Mark 12:38-44 (see below)
The Lectionary Gospel reading for today brings into focus what may be, consistently, one of the most important truths found in Holy Scripture. We can understand what I mean by hearing the LORD’s justification to the Old Testament Judge Samuel for refusing Eliab to replace the disgraced King Saul:
But the Lord said to Samuel, "Do not look on his appearance or on the height of his stature, because I have rejected him; for the Lord does not see as mortals see; they look on the outward appearance, but the Lord looks on the heart." (1 Samuel 16:7 NRSV)This profound truth should afflict the comfortable and comfort the afflicted, but it probably will not have that result. So set are we in our understanding that we are right in all things and the cream of GOD's world, the notion we might actually have such need in our hearts that would call us to repentance would significantly shock most of us. I say this in love, but I’m afraid it must be said. Often the last time many of us repented and returned to the LORD was that very day we first decided to follow the Jesus-way!
Anyway, by focusing on today’s text I think we see Jesus, after a long ongoing struggle with the religious leaders -- who are doing their best to trip him up so as to accuse and kill him -- has had enough. He's had enough of their feigned spirituality and their power that gushes pride. He’s had enough of their power lorded of the people, and so, as a good pastor would, Jesus attempts to warn the people against being taken in by these false, ineligible Religious:
"Beware of the scribes, who like to go around in long robes and accept greetings in the marketplaces, seats of honor in synagogues, and places of honor at banquets. They devour the houses of widows and, as a pretext recite lengthy prayers.And then, as if to make the point with power, St. Mark contrasts these Religious with a widow, a widow these Religious may have themselves devoured:
He sat down opposite the treasury and observed how the crowd put money into the treasury...A poor widow also came and put in two small coins worth a few cents...For they have all contributed from their surplus wealth, but she, from her poverty, has contributed all she had, her whole livelihood."In today’s Gospel reading, St. Mark offers us three ideas through contrasting the Religious with the Widow that must not escape our notice:
A DIFFERENT WAY OF SEEING
A DIFFERENT WAY OF BEING
A VIEW OF A DIFFERENT OUTCOME
A DIFFERENT WAY OF SEEING
We begin by unpacking the truth already mentioned: GOD does not see as we see. In the Religious from today’s text we have a picture of the worldly-wise, the powerful, and those who are conspicuous in their use of wealth. These men are the religiously powerful, the politically connected, the rule-makers and policy enforcers. They are the dominant and those, at least in their own minds, who deserve emulation and devotion. But, Jesus warns, they are not what they seem.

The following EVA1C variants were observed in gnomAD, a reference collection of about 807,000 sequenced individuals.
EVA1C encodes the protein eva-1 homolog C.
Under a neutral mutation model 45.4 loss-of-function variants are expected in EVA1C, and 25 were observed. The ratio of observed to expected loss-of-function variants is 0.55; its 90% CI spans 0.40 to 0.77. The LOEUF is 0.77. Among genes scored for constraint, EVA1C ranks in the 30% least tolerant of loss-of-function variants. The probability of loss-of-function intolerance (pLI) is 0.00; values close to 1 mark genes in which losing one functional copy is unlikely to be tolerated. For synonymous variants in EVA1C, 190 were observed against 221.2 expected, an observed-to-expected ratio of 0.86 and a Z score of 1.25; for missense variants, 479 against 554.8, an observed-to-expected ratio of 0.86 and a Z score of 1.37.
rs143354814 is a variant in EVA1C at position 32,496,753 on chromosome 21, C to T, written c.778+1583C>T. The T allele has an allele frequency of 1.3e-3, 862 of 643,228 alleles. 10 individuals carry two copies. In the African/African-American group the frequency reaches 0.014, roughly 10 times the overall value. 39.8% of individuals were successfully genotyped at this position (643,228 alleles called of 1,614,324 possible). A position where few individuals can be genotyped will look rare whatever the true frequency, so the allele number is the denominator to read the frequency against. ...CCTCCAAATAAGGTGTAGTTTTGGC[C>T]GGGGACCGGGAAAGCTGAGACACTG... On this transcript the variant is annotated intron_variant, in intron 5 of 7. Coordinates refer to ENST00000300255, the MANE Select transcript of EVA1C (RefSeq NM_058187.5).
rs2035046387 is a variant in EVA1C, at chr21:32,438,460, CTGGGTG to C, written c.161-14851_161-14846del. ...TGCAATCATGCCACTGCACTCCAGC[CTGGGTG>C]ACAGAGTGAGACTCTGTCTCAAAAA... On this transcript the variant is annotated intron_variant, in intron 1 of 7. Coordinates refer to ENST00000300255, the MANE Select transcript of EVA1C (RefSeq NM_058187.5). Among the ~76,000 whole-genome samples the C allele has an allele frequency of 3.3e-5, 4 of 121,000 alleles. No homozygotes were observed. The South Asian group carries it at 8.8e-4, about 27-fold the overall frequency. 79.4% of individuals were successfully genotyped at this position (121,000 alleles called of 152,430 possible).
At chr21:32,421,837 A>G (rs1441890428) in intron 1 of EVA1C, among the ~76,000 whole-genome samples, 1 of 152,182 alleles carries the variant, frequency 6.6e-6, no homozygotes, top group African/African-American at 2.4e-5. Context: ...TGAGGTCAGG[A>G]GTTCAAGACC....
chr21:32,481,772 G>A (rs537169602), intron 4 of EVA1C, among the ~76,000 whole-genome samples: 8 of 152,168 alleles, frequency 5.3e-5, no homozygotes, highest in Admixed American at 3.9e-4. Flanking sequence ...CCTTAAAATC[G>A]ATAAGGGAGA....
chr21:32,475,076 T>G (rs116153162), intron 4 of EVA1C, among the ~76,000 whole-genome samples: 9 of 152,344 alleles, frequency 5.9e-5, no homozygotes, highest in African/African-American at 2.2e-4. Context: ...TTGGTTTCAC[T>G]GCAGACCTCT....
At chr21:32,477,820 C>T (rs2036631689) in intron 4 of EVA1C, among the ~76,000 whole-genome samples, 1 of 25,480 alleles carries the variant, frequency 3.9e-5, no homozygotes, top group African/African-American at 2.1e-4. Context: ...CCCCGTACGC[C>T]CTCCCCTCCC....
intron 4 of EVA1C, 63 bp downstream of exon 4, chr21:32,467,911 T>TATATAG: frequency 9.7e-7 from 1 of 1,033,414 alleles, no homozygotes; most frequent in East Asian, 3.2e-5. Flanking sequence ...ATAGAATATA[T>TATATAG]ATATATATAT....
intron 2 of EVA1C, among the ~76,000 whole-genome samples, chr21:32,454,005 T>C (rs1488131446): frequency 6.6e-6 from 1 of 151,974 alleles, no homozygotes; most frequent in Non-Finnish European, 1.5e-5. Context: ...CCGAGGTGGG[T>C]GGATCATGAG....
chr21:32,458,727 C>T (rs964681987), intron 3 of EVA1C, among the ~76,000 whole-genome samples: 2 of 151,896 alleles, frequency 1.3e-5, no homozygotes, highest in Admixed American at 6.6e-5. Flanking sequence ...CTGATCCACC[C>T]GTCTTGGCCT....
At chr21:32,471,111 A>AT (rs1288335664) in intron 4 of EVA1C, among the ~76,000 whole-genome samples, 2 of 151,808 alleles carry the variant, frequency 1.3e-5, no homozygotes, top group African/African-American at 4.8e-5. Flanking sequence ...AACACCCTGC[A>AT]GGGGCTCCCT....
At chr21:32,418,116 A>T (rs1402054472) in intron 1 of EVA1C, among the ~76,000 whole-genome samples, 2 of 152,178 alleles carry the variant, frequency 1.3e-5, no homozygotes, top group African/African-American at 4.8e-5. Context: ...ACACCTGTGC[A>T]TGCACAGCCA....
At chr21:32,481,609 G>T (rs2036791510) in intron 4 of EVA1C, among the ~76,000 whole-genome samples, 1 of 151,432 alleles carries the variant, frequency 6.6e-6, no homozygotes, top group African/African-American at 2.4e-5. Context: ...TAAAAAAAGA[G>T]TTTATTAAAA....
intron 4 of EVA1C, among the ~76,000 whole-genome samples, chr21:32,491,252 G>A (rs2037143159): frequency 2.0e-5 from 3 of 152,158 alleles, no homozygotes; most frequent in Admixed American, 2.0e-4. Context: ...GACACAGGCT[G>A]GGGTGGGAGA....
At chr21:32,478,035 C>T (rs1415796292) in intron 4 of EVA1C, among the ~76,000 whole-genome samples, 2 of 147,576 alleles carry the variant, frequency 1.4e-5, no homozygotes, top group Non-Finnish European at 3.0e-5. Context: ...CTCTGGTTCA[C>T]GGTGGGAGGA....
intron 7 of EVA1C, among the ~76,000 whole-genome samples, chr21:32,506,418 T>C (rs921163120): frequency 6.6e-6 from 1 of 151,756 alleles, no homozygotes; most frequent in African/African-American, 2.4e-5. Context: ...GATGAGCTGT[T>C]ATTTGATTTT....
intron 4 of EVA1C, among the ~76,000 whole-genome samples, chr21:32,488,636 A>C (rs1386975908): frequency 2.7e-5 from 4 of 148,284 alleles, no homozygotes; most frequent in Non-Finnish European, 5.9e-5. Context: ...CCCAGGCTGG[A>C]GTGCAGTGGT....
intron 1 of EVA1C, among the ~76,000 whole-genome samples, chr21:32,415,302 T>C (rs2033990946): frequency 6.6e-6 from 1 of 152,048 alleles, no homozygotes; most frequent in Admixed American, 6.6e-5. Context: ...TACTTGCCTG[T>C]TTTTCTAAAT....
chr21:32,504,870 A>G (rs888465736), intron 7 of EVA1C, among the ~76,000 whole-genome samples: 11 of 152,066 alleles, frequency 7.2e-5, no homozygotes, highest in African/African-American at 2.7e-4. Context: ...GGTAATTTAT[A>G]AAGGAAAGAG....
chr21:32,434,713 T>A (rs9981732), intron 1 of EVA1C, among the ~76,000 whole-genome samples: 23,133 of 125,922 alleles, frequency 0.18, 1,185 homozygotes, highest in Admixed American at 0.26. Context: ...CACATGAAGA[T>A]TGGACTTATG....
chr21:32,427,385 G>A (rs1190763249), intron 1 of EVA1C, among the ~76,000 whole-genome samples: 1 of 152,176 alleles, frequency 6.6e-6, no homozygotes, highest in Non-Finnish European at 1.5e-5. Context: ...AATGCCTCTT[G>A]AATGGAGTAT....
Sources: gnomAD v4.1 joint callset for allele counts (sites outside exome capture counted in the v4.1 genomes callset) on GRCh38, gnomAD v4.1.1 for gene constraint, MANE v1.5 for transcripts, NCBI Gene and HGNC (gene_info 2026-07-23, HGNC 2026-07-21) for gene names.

In fact, in one such rendition of this confrontation St. Matthew's Jesus calls them white-washed tombs (Mt.23:27). That is, they seem beautiful on the outside, but inwardly they are filled with corruption. Again: GOD does not see as we see. Or, better said, he sees what we do not!
Now, think of the widow. Her purpose to her husband was gone. Her poverty bespeaks a lack of support, perhaps she is alone in the world, even without children to help her. So, what do we see when we look at her? We see weakness; we see poverty. Perhaps we even see her as insignificant and irrelevant. We see a little person in a little place. She is someone easily overlooked. But Jesus does not overlook her...
So, here’s the question: What does GOD see when looking at the widow? GOD sees her heart, a heart of giving and sacrifice, and a surprising willingness to deny self. Jesus says of her:
“Amen, I say to you, this poor widow put in more than all the other contributors to the treasury. For they have all contributed from their surplus wealth, but she, from her poverty, has contributed all she had, her whole livelihood.”St. Paul also places on the map this same understanding of Jesus when he writes:
25 For God's foolishness is wiser than human wisdom, and God's weakness is stronger than human strength. 26 Consider your own call, brothers and sisters: not many of you were wise by human standards, not many were powerful, not many were of noble birth. 27 But God chose what is foolish in the world to shame the wise; God chose what is weak in the world to shame the strong; 28 God chose what is low and despised in the world, things that are not, to reduce to nothing things that are, 29 so that no one might boast in the presence of God. (1 Cor.1:25-29)